The other main trauma that imbedded this fear deep into my psyche was also the result of television exposure. My dad was a huge Trekkie back in the day and I distinctly remember sitting down with him one night watching some sort of 20/20 or nightly news special on extra terrestrials. Even from the first minutes of the show I felt uneasy—I begged my dad to turn it off but he said I was being silly and that I could go in the other room if I didn’t want to watch. “But I’ll be taken up to the mother ship if I go in there alone!” my heart protested. I knew what would happen. But I couldn’t say that. So I squeaked out something about not wanting to watch it and not wanting to be alone, and somehow ended up staying in the room with my dad watching that program. At some point I must have left because I don’t remember a lot of it. Either that or it was so traumatizing that my mind blocked most of it out and my psychologist and I haven’t gotten to uncovering that bit yet. What I do remember was the layout of the show that I saw, and the facts that were relayed in that portion. First, there was a computerized diagram of the standard extra terrestrial, about 3 to 4 feet tall, brown, with skinny arms and legs, and over sized hands—no thumbs. A large egg shaped head with dark empty eyes. As a synthesized voice projected, the image turned 360 degrees very slowly. The voice told me two things that I remember. Two things that were enough to change my behavior and everyday life. First that aliens loved music. So I stopped listening to my new boom box after it got dark outside or when I was alone in my room. Next, she said that aliens LOVE ice cream, especially strawberry flavored, and I am freaking out because we have a new carton of neopolitan ice cream in the freezer. Clearly we are ideal targets for extra terrestrial visitation. This is not good. Not good at all.

In addition to monitoring my playing of Janet Jackson’s “Escapade” and Gloria Estefan singing “1,2,3,4” I also started hiding my thumbs at night. I would curl my hands into tight fists and tuck my thumbs inside. Obviously the aliens with their special space ship x-ray thing could see through my roof as they hovered above my house at night—and they could see my little girl body under the covers in my bed, but in tucking my thumbs into my fists I was convinced they would be fooled. They would see that I ALSO had no thumbs, and therefore must be an under cover alien living in a human house, so they would leave me alone to complete my mission. Pretty impressive thought process for a 6 year old huh?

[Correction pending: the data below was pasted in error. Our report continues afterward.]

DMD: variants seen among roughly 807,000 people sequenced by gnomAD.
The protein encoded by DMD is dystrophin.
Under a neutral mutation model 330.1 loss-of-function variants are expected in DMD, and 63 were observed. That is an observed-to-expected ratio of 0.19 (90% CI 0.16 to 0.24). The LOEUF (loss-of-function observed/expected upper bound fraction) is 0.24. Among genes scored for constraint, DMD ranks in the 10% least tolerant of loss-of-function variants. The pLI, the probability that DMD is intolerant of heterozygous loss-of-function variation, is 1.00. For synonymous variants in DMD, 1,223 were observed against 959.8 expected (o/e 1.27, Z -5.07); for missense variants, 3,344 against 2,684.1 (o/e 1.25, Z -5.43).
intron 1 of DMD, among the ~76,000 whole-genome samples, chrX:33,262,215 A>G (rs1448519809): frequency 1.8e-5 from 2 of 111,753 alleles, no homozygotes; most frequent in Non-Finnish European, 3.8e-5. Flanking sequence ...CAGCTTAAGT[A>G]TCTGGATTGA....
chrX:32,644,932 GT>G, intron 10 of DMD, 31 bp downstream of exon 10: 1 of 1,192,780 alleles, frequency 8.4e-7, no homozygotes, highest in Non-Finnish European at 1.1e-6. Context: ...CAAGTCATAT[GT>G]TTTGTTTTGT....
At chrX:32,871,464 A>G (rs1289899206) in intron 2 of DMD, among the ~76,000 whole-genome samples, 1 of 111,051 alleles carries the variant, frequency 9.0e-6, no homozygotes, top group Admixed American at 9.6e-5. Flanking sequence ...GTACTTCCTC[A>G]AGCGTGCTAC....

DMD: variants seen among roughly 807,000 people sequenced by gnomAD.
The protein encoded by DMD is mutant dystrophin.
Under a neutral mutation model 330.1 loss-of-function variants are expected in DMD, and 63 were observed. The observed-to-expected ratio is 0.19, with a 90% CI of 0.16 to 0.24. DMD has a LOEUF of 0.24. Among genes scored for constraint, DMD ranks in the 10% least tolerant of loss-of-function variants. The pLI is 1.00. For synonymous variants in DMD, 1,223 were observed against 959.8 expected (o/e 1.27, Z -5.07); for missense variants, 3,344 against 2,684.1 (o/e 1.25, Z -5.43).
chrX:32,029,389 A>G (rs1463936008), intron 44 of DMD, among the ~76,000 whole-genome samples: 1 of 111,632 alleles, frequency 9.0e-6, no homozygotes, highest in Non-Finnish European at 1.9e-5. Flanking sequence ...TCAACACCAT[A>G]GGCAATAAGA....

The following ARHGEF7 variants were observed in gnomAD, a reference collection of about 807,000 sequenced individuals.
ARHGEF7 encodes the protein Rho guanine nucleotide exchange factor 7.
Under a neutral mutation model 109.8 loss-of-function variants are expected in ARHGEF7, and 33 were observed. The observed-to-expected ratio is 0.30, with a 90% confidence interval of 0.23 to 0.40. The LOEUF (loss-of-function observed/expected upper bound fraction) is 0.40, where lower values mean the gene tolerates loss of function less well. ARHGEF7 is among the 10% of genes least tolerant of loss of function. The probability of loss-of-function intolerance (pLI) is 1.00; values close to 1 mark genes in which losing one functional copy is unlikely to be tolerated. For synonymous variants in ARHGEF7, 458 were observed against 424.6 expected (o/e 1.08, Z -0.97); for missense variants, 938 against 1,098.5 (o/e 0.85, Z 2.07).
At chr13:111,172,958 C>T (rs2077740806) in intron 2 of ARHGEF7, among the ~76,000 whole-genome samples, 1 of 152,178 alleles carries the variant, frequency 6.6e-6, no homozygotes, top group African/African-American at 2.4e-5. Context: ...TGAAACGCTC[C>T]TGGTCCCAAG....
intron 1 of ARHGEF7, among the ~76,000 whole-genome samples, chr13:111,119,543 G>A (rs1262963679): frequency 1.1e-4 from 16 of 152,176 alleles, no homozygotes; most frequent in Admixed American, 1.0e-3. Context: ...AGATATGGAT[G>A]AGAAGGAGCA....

Neilasparophobia that’s what wikianswers says it’s called. Though I could be wrong. I just did a basic, 5 minute google search. I don’t think I even voiced this fear of aliens to another person until I was in high school. And as I got older it became more and more embarrassing to admit. I knew it was irrational, silly even. Yet I cannot describe how severe and honest this fear inside me was. In performing this basic search on “fear of aliens” I was astonished to find SO many sites dedicated to this discussion. Mostly people talking about fear of abduction, or wondering if their sudden fear of aliens is because they’ve recently been abducted and have suppressed memories of the experience locked away deep in their subconscious.

I’m not sure exactly how or when this happened, but over the last year or so I’ve noticed that aliens don’t scare me so much any more. Sure I still get the heebee jebies when I see an add for some alien movie, or a leathery mask at Halloween. And I can’t watch Steven Speilberg’s family film “E.T. the extra terrestrial,” but other than that, I’m pretty much ok. I no longer wake up in a cold sweat at night convinced that someone is watching me. Though I do notice that when I’m really anxious or afraid about other things, I’ll look down and without even having done it on purpose, I will have tucked my thumbs inside my two fists, snuggly hiding them away. The impulse has been that engrained in my body that I hide my thumbs as a defense mechanism, even to this day. And I’m 28 years old.

So what happened? Was I abducted by aliens? I don’t think so. Was it really their space ship hovering over our house every night that made those screeching sounds? Or was it, as my mother explained, the guy with the big rig up the hill driving home from a cross country trip late at night? The truck explanation makes more sense. But it doesn’t explain why my favorite flavor of ice cream is strawberry.